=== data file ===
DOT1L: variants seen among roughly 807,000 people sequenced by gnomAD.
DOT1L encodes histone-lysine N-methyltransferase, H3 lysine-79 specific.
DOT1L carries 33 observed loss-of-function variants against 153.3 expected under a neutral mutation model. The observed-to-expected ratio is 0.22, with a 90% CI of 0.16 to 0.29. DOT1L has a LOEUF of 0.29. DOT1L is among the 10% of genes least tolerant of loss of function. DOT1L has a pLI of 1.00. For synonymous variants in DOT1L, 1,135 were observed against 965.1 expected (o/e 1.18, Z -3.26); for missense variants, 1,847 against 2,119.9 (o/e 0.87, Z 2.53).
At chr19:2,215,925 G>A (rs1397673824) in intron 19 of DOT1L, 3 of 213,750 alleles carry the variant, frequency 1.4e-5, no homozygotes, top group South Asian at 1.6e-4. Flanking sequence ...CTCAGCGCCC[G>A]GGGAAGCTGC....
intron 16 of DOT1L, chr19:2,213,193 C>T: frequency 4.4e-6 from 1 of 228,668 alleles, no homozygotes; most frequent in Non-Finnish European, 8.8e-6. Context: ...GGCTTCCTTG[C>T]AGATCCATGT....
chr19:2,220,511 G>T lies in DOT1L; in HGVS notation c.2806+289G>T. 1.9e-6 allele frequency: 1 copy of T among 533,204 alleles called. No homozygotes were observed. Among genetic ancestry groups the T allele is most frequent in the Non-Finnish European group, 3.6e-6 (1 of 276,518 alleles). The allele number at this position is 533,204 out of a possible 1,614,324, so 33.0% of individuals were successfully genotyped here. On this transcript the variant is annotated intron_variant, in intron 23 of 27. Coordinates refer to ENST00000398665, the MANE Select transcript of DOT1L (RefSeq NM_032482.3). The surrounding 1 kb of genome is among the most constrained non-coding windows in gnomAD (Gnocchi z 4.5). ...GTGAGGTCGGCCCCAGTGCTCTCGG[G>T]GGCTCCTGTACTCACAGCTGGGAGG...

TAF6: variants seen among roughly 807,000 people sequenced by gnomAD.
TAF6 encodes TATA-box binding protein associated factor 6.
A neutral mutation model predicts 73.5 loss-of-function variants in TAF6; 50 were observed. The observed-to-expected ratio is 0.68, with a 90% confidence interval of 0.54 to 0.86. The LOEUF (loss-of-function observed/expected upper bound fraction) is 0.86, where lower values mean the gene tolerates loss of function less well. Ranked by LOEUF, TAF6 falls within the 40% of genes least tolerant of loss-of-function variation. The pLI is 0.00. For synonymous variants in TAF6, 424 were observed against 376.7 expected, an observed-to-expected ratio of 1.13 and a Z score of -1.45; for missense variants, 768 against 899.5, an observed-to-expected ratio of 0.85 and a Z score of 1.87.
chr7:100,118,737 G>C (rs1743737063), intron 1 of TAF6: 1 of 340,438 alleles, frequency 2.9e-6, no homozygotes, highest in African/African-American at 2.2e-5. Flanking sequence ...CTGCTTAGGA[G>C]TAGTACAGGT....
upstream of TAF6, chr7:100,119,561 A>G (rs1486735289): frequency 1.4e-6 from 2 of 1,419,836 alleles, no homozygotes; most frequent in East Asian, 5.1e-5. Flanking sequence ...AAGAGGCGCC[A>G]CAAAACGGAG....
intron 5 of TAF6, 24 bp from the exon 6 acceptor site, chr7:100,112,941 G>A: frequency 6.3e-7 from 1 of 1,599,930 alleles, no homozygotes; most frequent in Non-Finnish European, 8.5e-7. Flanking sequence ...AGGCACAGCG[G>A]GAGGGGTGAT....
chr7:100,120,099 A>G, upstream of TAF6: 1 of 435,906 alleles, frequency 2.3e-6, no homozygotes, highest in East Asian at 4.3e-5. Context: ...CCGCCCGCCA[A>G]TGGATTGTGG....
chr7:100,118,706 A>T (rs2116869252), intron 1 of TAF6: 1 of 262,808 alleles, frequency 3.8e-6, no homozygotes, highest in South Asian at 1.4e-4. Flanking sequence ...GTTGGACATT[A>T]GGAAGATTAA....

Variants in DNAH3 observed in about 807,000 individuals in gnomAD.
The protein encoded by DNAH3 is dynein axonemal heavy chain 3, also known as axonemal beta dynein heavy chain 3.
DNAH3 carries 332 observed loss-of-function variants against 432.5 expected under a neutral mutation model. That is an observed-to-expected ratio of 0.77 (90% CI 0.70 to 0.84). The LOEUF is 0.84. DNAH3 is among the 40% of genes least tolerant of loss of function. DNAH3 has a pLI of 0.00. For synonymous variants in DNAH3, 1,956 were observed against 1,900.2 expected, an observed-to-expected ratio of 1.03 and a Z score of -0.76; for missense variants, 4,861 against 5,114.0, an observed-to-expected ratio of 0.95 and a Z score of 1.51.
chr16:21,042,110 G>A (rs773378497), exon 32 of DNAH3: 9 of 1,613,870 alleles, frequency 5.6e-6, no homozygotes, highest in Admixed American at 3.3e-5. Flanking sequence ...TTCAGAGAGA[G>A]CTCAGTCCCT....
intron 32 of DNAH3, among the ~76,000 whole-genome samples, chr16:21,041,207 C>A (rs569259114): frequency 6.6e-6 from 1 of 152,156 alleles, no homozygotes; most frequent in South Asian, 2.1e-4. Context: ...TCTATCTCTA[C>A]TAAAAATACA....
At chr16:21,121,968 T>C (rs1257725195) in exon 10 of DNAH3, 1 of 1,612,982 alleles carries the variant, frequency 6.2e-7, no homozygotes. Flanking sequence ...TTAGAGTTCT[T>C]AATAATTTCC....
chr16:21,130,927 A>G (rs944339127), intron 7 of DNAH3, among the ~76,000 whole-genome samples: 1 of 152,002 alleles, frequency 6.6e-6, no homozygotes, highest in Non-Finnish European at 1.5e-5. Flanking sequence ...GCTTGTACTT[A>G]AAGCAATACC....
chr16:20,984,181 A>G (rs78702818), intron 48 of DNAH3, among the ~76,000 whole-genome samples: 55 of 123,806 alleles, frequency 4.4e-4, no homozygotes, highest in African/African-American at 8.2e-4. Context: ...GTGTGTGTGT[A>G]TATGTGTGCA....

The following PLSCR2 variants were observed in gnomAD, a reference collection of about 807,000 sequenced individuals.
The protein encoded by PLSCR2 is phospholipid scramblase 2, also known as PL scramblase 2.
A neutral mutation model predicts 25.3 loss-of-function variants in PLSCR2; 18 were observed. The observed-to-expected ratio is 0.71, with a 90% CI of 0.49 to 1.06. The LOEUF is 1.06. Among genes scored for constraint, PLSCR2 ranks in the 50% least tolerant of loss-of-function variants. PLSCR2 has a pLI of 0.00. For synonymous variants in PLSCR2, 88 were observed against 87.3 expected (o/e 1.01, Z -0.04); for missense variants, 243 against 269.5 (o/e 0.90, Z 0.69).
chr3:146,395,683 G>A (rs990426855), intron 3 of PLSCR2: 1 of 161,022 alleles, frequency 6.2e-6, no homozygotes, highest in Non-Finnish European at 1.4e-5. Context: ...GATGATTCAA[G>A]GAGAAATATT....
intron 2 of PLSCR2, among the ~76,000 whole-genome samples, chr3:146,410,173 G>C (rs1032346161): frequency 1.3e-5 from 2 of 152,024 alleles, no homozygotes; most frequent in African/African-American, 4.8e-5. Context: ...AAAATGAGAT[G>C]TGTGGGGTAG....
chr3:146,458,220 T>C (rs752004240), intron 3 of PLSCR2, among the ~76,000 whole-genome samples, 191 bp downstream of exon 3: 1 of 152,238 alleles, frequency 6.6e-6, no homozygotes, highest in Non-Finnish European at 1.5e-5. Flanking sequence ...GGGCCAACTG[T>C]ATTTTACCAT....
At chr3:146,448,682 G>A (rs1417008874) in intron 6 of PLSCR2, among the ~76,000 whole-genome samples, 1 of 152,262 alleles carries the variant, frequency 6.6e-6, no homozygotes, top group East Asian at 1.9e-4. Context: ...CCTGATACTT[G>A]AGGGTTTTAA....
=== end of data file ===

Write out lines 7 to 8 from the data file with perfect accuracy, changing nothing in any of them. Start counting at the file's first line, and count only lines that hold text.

TAF6: variants seen among roughly 807,000 people sequenced by gnomAD.
TAF6 encodes TATA-box binding protein associated factor 6.